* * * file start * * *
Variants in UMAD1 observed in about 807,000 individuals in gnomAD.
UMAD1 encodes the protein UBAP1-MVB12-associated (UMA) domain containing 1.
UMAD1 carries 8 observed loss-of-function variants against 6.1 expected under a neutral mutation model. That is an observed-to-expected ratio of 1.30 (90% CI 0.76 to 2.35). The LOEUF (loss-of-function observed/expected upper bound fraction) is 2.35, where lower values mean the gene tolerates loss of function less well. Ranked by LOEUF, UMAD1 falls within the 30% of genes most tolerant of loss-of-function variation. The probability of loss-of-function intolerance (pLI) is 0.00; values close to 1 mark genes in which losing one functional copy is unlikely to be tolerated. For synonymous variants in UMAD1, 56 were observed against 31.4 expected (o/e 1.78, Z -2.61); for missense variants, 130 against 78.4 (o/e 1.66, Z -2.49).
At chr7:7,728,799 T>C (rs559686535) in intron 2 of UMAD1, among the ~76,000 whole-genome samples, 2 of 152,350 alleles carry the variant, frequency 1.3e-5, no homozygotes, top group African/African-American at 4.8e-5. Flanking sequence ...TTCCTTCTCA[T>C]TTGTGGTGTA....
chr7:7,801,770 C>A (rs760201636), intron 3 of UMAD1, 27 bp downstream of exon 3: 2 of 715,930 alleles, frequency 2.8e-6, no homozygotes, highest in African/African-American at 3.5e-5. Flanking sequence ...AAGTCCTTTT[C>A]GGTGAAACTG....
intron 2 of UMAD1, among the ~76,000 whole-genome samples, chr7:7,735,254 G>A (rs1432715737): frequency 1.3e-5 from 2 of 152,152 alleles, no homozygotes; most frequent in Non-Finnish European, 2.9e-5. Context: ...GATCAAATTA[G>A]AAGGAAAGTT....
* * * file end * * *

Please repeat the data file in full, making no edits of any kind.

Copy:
Variants in UMAD1 observed in about 807,000 individuals in gnomAD.
UMAD1 encodes the protein UBAP1-MVB12-associated (UMA) domain containing 1.
UMAD1 carries 8 observed loss-of-function variants against 6.1 expected under a neutral mutation model. That is an observed-to-expected ratio of 1.30 (90% CI 0.76 to 2.35). The LOEUF (loss-of-function observed/expected upper bound fraction) is 2.35, where lower values mean the gene tolerates loss of function less well. Ranked by LOEUF, UMAD1 falls within the 30% of genes most tolerant of loss-of-function variation. The probability of loss-of-function intolerance (pLI) is 0.00; values close to 1 mark genes in which losing one functional copy is unlikely to be tolerated. For synonymous variants in UMAD1, 56 were observed against 31.4 expected (o/e 1.78, Z -2.61); for missense variants, 130 against 78.4 (o/e 1.66, Z -2.49).
At chr7:7,728,799 T>C (rs559686535) in intron 2 of UMAD1, among the ~76,000 whole-genome samples, 2 of 152,350 alleles carry the variant, frequency 1.3e-5, no homozygotes, top group African/African-American at 4.8e-5. Flanking sequence ...TTCCTTCTCA[T>C]TTGTGGTGTA....
chr7:7,801,770 C>A (rs760201636), intron 3 of UMAD1, 27 bp downstream of exon 3: 2 of 715,930 alleles, frequency 2.8e-6, no homozygotes, highest in African/African-American at 3.5e-5. Flanking sequence ...AAGTCCTTTT[C>A]GGTGAAACTG....
intron 2 of UMAD1, among the ~76,000 whole-genome samples, chr7:7,735,254 G>A (rs1432715737): frequency 1.3e-5 from 2 of 152,152 alleles, no homozygotes; most frequent in Non-Finnish European, 2.9e-5. Context: ...GATCAAATTA[G>A]AAGGAAAGTT....